Director Cordray is reported to have defended the CFPB’s authority to investigate a college accrediting organization at a recent Politico event.

On October 8, 2015, the CFPB issued a decision and order denying the petition of the Accrediting Council for Independent Colleges and Schools (ACICS) to modify or set aside the CID issued by the CFPB.  Among the objections to the CID raised by ACICS were that the Department of Education is its sole regulator and that it was not subject to the CFPB’s enforcement jurisdiction as a  “covered person,” “service provider,” or “person who knowingly or recklessly provides substantial assistance to a covered person or service provider.”

On October 23, Senator Lamar Alexander and Representative John Kline sent a letter to Director Cordray requesting that he “immediately rescind the issuance of a civil investigative demand to [ACICS] and halt any other planned investigatory actions regarding accreditors or the accreditation of institutions of higher education.”  (Mssrs. Alexander and Kline are, respectively, the Chairs of the Senate Committee on Health, Education, Labor and Pensions and the House Committee on Education and the Workforce.)  In their letter, the lawmakers asserted that the CFPB’s issuance of the CID to ACICS represents an “unprecedented overreach” by the CFPB that “raises serious concerns regarding jurisdiction.”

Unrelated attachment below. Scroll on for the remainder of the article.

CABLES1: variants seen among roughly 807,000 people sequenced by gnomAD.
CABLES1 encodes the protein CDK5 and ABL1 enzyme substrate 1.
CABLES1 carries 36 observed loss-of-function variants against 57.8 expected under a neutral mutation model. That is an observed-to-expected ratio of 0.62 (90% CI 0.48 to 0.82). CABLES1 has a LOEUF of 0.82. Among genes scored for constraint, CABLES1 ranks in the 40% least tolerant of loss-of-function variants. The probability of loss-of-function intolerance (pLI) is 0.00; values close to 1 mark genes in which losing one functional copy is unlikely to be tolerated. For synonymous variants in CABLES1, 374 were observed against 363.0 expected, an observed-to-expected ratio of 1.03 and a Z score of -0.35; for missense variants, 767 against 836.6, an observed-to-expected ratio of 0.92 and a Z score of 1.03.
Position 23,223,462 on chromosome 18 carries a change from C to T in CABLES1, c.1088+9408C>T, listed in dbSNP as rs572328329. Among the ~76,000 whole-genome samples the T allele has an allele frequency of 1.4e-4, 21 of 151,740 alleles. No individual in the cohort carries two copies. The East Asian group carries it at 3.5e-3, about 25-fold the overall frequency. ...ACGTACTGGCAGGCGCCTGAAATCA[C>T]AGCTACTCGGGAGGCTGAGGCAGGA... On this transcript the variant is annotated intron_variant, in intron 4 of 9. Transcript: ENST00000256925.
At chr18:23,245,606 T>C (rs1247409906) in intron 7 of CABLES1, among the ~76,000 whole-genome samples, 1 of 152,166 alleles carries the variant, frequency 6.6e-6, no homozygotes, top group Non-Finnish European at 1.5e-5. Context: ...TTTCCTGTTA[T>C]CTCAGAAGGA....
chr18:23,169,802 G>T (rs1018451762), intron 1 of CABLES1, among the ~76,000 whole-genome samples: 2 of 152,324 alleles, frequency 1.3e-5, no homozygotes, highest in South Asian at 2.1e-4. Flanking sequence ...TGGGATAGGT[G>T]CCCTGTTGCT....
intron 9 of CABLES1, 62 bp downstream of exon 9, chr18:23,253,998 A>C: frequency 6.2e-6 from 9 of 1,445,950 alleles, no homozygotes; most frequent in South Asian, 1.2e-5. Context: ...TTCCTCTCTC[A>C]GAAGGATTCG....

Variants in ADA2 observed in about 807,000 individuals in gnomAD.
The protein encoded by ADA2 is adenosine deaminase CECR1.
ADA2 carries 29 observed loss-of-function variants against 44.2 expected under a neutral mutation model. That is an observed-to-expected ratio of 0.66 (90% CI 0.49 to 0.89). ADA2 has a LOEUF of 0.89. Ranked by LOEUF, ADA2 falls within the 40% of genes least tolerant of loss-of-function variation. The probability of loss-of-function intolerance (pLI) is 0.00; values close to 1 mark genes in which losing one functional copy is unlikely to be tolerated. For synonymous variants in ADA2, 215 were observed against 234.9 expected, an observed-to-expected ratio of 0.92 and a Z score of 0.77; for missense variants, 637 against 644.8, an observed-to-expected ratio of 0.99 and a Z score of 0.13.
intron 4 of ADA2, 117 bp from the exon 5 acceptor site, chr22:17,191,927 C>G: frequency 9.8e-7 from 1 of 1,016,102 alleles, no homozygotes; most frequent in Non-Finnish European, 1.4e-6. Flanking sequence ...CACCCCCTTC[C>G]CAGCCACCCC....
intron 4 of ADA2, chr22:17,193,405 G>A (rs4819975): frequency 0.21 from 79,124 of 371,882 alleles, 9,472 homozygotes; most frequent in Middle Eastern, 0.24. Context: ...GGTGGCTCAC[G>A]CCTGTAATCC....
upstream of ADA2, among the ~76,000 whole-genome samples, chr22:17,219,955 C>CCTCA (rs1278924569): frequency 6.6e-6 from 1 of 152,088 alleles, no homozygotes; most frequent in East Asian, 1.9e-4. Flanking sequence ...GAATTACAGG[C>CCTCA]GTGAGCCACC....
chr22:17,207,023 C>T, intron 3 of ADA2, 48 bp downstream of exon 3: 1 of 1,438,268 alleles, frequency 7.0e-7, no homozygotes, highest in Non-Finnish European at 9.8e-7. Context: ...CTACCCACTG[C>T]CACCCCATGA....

In defending the CID, Director Cordray is reported to have said that the CFPB’s “authority is over those who provide financial products or services, or provide material, substantial assistance to those who do” and that “if an accrediting agency is facilitating for-profit colleges’ misleading consumers, treating them unfairly and deceptively, then that’s something that we should look at.”

We have previously commented on the CFPB’s aggressive approach to asserting its jurisdiction.  In August 2015, Ballard Spahr attorneys conducted a webinar: “Pushing the Envelope: Are There Limits to the CFPB’s Jurisdiction?” in which we discussed the CFPB’s continuing “jurisdiction creep” and explored the limits of the CFPB’s jurisdiction.